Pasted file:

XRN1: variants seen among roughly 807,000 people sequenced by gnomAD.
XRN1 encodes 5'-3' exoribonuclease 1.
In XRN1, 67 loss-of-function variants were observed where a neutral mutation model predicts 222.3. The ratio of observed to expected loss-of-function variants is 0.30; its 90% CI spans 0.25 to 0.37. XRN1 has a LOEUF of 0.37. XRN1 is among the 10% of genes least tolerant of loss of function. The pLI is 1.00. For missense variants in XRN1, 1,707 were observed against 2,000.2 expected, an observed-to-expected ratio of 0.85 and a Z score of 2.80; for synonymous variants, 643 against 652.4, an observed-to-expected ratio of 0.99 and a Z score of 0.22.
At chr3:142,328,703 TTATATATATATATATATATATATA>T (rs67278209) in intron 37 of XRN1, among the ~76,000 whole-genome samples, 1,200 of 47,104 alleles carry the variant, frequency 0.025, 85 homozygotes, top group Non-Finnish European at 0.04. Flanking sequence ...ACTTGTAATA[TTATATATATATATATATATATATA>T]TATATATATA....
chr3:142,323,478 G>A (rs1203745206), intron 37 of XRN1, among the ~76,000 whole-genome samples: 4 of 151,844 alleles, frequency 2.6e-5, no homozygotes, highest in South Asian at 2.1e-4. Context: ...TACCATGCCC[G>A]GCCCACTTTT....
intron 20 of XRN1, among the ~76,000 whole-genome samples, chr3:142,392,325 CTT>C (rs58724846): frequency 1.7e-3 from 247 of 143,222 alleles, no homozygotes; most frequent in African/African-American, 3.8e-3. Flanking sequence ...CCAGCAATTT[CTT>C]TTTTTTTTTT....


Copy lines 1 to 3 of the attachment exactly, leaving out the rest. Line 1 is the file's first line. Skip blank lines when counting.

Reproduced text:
XRN1: variants seen among roughly 807,000 people sequenced by gnomAD.
XRN1 encodes 5'-3' exoribonuclease 1.
In XRN1, 67 loss-of-function variants were observed where a neutral mutation model predicts 222.3. The ratio of observed to expected loss-of-function variants is 0.30; its 90% CI spans 0.25 to 0.37. XRN1 has a LOEUF of 0.37. XRN1 is among the 10% of genes least tolerant of loss of function. The pLI is 1.00. For missense variants in XRN1, 1,707 were observed against 2,000.2 expected, an observed-to-expected ratio of 0.85 and a Z score of 2.80; for synonymous variants, 643 against 652.4, an observed-to-expected ratio of 0.99 and a Z score of 0.22.